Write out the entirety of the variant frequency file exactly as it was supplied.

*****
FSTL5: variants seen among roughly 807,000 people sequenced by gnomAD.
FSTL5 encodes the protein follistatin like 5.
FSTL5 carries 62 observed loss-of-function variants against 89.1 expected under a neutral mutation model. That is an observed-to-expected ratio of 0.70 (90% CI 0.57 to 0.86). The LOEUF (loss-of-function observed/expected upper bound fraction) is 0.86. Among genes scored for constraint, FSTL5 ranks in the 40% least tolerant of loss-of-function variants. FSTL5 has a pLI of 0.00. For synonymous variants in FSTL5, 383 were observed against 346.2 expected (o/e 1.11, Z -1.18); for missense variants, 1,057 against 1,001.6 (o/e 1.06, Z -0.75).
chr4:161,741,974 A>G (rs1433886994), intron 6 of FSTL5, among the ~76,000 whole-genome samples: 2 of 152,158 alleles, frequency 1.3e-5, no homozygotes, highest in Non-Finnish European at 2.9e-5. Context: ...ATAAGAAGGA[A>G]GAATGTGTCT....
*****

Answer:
FSTL5: variants seen among roughly 807,000 people sequenced by gnomAD.
FSTL5 encodes the protein follistatin like 5.
FSTL5 carries 62 observed loss-of-function variants against 89.1 expected under a neutral mutation model. That is an observed-to-expected ratio of 0.70 (90% CI 0.57 to 0.86). The LOEUF (loss-of-function observed/expected upper bound fraction) is 0.86. Among genes scored for constraint, FSTL5 ranks in the 40% least tolerant of loss-of-function variants. FSTL5 has a pLI of 0.00. For synonymous variants in FSTL5, 383 were observed against 346.2 expected (o/e 1.11, Z -1.18); for missense variants, 1,057 against 1,001.6 (o/e 1.06, Z -0.75).
chr4:161,741,974 A>G (rs1433886994), intron 6 of FSTL5, among the ~76,000 whole-genome samples: 2 of 152,158 alleles, frequency 1.3e-5, no homozygotes, highest in Non-Finnish European at 2.9e-5. Context: ...ATAAGAAGGA[A>G]GAATGTGTCT....